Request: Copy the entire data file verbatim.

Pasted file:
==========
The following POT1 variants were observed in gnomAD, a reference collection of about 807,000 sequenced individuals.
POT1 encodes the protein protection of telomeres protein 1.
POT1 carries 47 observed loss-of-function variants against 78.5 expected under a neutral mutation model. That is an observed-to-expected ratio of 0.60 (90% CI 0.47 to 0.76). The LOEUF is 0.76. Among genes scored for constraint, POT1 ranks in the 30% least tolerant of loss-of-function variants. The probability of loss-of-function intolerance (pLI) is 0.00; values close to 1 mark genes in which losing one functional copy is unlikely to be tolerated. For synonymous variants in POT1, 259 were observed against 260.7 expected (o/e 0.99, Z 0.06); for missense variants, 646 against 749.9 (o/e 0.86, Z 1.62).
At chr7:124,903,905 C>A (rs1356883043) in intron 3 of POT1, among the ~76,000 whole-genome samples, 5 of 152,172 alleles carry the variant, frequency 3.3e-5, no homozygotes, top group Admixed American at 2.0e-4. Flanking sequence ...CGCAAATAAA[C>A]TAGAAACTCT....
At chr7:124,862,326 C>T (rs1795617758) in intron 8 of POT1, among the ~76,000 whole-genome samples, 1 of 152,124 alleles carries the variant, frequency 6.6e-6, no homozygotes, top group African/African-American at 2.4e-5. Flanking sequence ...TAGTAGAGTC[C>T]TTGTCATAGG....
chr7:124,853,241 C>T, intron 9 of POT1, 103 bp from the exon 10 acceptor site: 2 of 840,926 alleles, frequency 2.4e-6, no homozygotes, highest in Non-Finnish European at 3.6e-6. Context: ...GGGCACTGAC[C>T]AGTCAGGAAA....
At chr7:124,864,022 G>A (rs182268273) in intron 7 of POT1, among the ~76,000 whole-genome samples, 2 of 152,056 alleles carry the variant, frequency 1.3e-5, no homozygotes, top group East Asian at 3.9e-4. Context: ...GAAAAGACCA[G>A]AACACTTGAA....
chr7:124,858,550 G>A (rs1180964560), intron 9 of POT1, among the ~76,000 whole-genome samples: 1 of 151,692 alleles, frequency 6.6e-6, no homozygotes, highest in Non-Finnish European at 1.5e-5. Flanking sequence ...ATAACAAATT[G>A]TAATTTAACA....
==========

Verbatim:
The following POT1 variants were observed in gnomAD, a reference collection of about 807,000 sequenced individuals.
POT1 encodes the protein protection of telomeres protein 1.
POT1 carries 47 observed loss-of-function variants against 78.5 expected under a neutral mutation model. That is an observed-to-expected ratio of 0.60 (90% CI 0.47 to 0.76). The LOEUF is 0.76. Among genes scored for constraint, POT1 ranks in the 30% least tolerant of loss-of-function variants. The probability of loss-of-function intolerance (pLI) is 0.00; values close to 1 mark genes in which losing one functional copy is unlikely to be tolerated. For synonymous variants in POT1, 259 were observed against 260.7 expected (o/e 0.99, Z 0.06); for missense variants, 646 against 749.9 (o/e 0.86, Z 1.62).
At chr7:124,903,905 C>A (rs1356883043) in intron 3 of POT1, among the ~76,000 whole-genome samples, 5 of 152,172 alleles carry the variant, frequency 3.3e-5, no homozygotes, top group Admixed American at 2.0e-4. Flanking sequence ...CGCAAATAAA[C>A]TAGAAACTCT....
At chr7:124,862,326 C>T (rs1795617758) in intron 8 of POT1, among the ~76,000 whole-genome samples, 1 of 152,124 alleles carries the variant, frequency 6.6e-6, no homozygotes, top group African/African-American at 2.4e-5. Flanking sequence ...TAGTAGAGTC[C>T]TTGTCATAGG....
chr7:124,853,241 C>T, intron 9 of POT1, 103 bp from the exon 10 acceptor site: 2 of 840,926 alleles, frequency 2.4e-6, no homozygotes, highest in Non-Finnish European at 3.6e-6. Context: ...GGGCACTGAC[C>T]AGTCAGGAAA....
At chr7:124,864,022 G>A (rs182268273) in intron 7 of POT1, among the ~76,000 whole-genome samples, 2 of 152,056 alleles carry the variant, frequency 1.3e-5, no homozygotes, top group East Asian at 3.9e-4. Context: ...GAAAAGACCA[G>A]AACACTTGAA....
chr7:124,858,550 G>A (rs1180964560), intron 9 of POT1, among the ~76,000 whole-genome samples: 1 of 151,692 alleles, frequency 6.6e-6, no homozygotes, highest in Non-Finnish European at 1.5e-5. Flanking sequence ...ATAACAAATT[G>A]TAATTTAACA....